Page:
Attack of the corn nematodes

If your cornfield has patches of stunted and poorly growing plants with no obvious cause, nematodes may be the culprit.

Many types of plant-parasitic nematodes attack corn, in all likelihood, for as long as it has been grown as a row crop. In fact, every plant species – with the possible exception of dodder – has at least one nematode parasite, so corn is no different. However, there is a growing concern about the impact of nematodes in corn production and based on some recent changes in this crop’s production, this concern may be justified.

In Michigan, as well as most other states in our region, there are at least eight different types of plant-parasitic nematodes that feed on corn. None produce the national impact of, say, soybean cyst nematode on soybean, but there are some destructive species nevertheless.

The nematode that receives the most attention on corn in Michigan is the corn needle nematode, but it is somewhat limited in its distribution, therefore lessening its impact. Corn needle nematodes are typically confined to fields with coarse textured soils (greater than 70 percent sand) where corn is grown nearly continuously. Symptoms due to its feeding are quite drastic: severely stunted plants and yield losses of 50 bu or more/A. However, corn needle nematodes are usually only found in roughly 10 percent of all corn samples submitted to Diagnostic Services for nematode analyses.

Lesion nematodes are the most frequently detected nematodes on corn as well as most other field crops grown in our state. We find them in roughly 75 percent or more of all corn samples submitted. In general, their impacts in corn production have largely been ignored. In many situations, they do not produce significant yield losses, but since they are so common, they are probably responsible for the highest amount of yield loss due to any of the nematodes on corn in the North Central Region. I read a quote by Greg Tylka, nematologist at Iowa State, who reportedly described nematodes on corn as “yield nibblers,” and I think this is an apt description for lesion nematodes. You can expect them to be present in most agricultural sites, always stealing some yield but often not enough to be noticeable.

Ten to 20 soil samples submitted this spring to Diagnostic Services collected from sites where corn was grown in 2010 in Montcalm County have contained moderate to high population densities of dagger nematodes (50-200/100 cm3 soil). These nematodes are commonly encountered in corn samples (25 to 50 percent of those submitted), but their impact is not well understood. Since these nematodes apparently experienced good overwintering survival, they may reduce yields of crops in 2011.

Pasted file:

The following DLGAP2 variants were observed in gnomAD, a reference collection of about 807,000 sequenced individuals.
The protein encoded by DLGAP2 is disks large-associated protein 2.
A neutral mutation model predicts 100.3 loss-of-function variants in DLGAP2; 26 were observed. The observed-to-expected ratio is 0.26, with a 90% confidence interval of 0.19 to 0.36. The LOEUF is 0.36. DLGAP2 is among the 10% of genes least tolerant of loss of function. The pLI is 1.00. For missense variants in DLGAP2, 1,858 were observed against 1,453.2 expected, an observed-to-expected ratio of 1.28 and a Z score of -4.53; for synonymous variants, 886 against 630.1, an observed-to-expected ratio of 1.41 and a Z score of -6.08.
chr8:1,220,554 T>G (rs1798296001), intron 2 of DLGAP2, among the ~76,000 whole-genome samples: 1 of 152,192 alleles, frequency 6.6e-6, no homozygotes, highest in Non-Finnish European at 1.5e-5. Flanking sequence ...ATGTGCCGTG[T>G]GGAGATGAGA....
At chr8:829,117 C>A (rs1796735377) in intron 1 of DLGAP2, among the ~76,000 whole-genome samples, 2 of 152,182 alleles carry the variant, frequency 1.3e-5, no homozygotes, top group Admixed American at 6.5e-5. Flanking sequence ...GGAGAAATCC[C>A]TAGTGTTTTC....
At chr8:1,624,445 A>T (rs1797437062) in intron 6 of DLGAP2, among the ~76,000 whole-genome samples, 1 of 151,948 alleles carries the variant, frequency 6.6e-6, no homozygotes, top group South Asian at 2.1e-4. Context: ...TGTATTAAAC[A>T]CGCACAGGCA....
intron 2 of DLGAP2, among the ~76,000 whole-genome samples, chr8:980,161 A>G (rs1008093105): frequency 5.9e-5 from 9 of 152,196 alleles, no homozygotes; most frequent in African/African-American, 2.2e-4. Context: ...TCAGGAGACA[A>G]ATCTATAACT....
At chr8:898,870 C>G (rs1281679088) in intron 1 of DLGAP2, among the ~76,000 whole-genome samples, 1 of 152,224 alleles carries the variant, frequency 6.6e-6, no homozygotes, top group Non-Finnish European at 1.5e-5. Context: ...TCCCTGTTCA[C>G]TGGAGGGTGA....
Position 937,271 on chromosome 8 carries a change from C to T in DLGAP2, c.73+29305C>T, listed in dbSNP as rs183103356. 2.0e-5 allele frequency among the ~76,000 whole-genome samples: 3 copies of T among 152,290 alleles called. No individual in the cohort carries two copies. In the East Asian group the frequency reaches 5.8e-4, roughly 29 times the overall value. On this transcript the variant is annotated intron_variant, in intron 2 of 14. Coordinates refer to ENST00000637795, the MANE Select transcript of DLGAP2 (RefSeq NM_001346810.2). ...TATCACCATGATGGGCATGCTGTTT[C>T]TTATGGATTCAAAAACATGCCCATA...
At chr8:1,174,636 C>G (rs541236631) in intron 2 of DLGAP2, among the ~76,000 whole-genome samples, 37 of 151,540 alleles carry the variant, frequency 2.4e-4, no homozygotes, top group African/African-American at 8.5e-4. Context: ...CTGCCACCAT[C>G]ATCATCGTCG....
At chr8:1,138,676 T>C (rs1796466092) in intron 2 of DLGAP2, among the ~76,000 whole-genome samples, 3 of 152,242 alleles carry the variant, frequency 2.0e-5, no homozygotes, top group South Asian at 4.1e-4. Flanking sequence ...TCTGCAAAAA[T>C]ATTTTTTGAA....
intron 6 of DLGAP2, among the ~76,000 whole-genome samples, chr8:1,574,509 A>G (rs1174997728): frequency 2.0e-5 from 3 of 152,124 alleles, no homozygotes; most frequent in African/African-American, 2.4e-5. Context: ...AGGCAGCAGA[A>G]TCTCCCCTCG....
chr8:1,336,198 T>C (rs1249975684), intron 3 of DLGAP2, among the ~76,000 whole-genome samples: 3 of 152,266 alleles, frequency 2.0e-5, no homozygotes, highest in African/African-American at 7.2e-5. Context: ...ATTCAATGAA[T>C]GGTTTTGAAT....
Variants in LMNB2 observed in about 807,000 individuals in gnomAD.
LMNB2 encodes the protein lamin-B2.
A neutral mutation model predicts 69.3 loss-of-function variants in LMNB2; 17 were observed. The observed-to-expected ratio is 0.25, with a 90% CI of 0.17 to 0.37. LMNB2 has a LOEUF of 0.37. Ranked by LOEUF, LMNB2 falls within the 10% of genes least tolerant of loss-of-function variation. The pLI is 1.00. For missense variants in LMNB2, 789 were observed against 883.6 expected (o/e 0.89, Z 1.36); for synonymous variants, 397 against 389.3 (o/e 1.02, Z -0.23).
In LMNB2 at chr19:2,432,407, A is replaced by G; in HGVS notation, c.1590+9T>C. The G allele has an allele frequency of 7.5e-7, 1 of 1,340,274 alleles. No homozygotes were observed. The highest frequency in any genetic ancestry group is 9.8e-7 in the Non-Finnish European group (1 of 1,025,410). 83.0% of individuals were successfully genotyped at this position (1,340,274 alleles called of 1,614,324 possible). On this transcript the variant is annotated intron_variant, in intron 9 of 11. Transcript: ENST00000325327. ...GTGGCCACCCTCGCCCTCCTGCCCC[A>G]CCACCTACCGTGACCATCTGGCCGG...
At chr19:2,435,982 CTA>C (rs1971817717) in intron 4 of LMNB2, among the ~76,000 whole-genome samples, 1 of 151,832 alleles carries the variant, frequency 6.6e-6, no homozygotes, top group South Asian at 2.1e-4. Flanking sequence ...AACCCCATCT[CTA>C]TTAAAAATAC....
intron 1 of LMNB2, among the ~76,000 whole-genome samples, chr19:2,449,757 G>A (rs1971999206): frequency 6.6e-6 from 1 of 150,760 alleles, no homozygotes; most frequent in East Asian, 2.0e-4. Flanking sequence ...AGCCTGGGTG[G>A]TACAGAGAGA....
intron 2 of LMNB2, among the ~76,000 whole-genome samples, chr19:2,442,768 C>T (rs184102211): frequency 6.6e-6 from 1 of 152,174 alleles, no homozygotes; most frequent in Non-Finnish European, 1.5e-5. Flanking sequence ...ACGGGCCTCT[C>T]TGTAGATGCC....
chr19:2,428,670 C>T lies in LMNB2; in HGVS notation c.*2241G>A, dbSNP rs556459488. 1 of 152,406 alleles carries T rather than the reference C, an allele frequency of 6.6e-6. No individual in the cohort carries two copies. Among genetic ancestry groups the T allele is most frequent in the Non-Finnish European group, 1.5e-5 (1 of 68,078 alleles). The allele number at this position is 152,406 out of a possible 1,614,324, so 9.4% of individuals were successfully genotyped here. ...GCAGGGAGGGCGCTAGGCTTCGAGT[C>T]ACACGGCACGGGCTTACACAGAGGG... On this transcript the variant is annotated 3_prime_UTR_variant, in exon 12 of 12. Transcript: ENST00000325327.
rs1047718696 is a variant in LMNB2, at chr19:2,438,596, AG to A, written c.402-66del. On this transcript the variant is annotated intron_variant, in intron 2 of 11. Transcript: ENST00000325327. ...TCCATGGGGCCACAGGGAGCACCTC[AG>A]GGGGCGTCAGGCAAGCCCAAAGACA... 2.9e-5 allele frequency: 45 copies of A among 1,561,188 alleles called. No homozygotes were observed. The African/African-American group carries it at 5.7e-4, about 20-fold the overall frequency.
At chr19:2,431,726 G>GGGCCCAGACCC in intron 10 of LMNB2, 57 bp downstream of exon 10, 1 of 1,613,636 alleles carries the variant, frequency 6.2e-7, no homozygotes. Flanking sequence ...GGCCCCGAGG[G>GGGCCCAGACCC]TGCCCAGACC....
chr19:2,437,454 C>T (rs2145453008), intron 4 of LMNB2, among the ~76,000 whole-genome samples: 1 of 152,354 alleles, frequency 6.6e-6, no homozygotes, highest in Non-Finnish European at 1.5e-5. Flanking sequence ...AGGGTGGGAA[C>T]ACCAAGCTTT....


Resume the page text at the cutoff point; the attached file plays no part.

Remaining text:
There is a critical question facing corn producers, and that is, “Should I pay the extra cost on corn seed for nematode control?” Presently, I really don’t know the answer to that question. I have conducted no trials investigating the efficacies of Avicta® and Votivo® for nematode control in corn, so I am left to rely on the information provided by the companies that market the products, grower testimonies or papers published in the scientific literature. For me, the jury is still out. I think it is obvious we need much more information about the roles of nematodes in corn and the effectiveness of these products before I feel confident providing an answer to the question posed.

Growers should engage in on-farm strip trials in order to evaluate these products on corn. To best evaluate the benefits of a product, it is always necessary to leave some untreated strips. Sites should be sampled for nematodes as close to planting as possible, during the growing season and again at harvest, to assess nematode population densities. For problem diagnosis, areas with stunted or poorly growing plants should be sampled for nematodes and the results compared to companion samples collected from healthy areas. It is imperative to obtain as much information as possible in order to make the best, informed decisions.

Growers should monitor their corn crops for patches of stunted and poorly growing plants. If the cause of these problems is not obvious, nematodes may be the culprits. Feeding by plant-parasitic nematodes generally never results in characteristic above ground symptoms. These symptoms typically are similar to those of nutrient deficiencies.

For more information on corn nematodes, consult the Diagnostic Services’ corn nematode factsheet. Online searches will also provide quite a bit of material. For specific questions or concerns, please contact me at 517-432-1333, Angela Tenney at 517-353-8563 or George Bird at 517-353-3890. Currently, there is a $25 fee for a nematode analysis.

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